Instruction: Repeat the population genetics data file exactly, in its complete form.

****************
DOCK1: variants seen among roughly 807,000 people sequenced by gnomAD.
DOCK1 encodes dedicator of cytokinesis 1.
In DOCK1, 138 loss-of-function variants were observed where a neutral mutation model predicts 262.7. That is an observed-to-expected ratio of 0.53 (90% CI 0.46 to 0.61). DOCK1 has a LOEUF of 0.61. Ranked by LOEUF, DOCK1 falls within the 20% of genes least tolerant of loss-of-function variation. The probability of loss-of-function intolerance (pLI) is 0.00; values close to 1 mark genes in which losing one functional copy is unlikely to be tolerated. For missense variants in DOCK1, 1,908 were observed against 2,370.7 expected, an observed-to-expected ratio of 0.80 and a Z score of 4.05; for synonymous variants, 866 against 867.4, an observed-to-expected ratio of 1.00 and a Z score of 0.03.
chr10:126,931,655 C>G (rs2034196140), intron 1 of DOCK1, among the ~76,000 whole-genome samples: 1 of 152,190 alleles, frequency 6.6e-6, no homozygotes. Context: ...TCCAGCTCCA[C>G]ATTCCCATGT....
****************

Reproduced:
DOCK1: variants seen among roughly 807,000 people sequenced by gnomAD.
DOCK1 encodes dedicator of cytokinesis 1.
In DOCK1, 138 loss-of-function variants were observed where a neutral mutation model predicts 262.7. That is an observed-to-expected ratio of 0.53 (90% CI 0.46 to 0.61). DOCK1 has a LOEUF of 0.61. Ranked by LOEUF, DOCK1 falls within the 20% of genes least tolerant of loss-of-function variation. The probability of loss-of-function intolerance (pLI) is 0.00; values close to 1 mark genes in which losing one functional copy is unlikely to be tolerated. For missense variants in DOCK1, 1,908 were observed against 2,370.7 expected, an observed-to-expected ratio of 0.80 and a Z score of 4.05; for synonymous variants, 866 against 867.4, an observed-to-expected ratio of 1.00 and a Z score of 0.03.
chr10:126,931,655 C>G (rs2034196140), intron 1 of DOCK1, among the ~76,000 whole-genome samples: 1 of 152,190 alleles, frequency 6.6e-6, no homozygotes. Context: ...TCCAGCTCCA[C>G]ATTCCCATGT....